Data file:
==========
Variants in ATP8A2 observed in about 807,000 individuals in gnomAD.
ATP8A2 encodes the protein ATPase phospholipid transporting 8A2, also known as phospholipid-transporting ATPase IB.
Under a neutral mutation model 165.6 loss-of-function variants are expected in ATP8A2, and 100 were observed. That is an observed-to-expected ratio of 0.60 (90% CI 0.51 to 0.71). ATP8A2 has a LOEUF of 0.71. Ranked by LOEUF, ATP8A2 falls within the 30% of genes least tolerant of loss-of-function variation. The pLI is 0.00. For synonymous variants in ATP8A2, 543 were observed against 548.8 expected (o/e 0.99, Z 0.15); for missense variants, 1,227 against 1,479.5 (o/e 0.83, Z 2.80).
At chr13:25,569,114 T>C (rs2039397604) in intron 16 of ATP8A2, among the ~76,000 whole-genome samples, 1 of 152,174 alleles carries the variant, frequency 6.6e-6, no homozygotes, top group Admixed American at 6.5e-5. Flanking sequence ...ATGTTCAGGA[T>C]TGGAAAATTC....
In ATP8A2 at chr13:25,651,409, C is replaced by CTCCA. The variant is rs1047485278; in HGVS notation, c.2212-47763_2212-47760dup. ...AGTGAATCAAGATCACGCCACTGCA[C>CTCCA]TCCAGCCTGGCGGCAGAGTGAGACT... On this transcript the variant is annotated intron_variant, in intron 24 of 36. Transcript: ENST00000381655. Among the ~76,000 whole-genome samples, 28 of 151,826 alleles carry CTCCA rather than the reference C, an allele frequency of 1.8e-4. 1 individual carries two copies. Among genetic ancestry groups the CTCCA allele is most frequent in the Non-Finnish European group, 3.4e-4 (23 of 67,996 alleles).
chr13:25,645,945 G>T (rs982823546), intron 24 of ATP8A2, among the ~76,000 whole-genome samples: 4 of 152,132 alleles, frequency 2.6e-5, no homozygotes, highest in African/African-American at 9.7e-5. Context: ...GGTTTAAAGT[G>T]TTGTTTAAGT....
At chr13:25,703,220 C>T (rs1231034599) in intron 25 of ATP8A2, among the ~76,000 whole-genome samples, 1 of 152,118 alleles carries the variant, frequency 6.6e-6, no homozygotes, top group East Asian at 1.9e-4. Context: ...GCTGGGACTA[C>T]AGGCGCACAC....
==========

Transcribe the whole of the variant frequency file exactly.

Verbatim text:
Variants in ATP8A2 observed in about 807,000 individuals in gnomAD.
ATP8A2 encodes the protein ATPase phospholipid transporting 8A2, also known as phospholipid-transporting ATPase IB.
Under a neutral mutation model 165.6 loss-of-function variants are expected in ATP8A2, and 100 were observed. That is an observed-to-expected ratio of 0.60 (90% CI 0.51 to 0.71). ATP8A2 has a LOEUF of 0.71. Ranked by LOEUF, ATP8A2 falls within the 30% of genes least tolerant of loss-of-function variation. The pLI is 0.00. For synonymous variants in ATP8A2, 543 were observed against 548.8 expected (o/e 0.99, Z 0.15); for missense variants, 1,227 against 1,479.5 (o/e 0.83, Z 2.80).
At chr13:25,569,114 T>C (rs2039397604) in intron 16 of ATP8A2, among the ~76,000 whole-genome samples, 1 of 152,174 alleles carries the variant, frequency 6.6e-6, no homozygotes, top group Admixed American at 6.5e-5. Flanking sequence ...ATGTTCAGGA[T>C]TGGAAAATTC....
In ATP8A2 at chr13:25,651,409, C is replaced by CTCCA. The variant is rs1047485278; in HGVS notation, c.2212-47763_2212-47760dup. ...AGTGAATCAAGATCACGCCACTGCA[C>CTCCA]TCCAGCCTGGCGGCAGAGTGAGACT... On this transcript the variant is annotated intron_variant, in intron 24 of 36. Transcript: ENST00000381655. Among the ~76,000 whole-genome samples, 28 of 151,826 alleles carry CTCCA rather than the reference C, an allele frequency of 1.8e-4. 1 individual carries two copies. Among genetic ancestry groups the CTCCA allele is most frequent in the Non-Finnish European group, 3.4e-4 (23 of 67,996 alleles).
chr13:25,645,945 G>T (rs982823546), intron 24 of ATP8A2, among the ~76,000 whole-genome samples: 4 of 152,132 alleles, frequency 2.6e-5, no homozygotes, highest in African/African-American at 9.7e-5. Context: ...GGTTTAAAGT[G>T]TTGTTTAAGT....
At chr13:25,703,220 C>T (rs1231034599) in intron 25 of ATP8A2, among the ~76,000 whole-genome samples, 1 of 152,118 alleles carries the variant, frequency 6.6e-6, no homozygotes, top group East Asian at 1.9e-4. Context: ...GCTGGGACTA[C>T]AGGCGCACAC....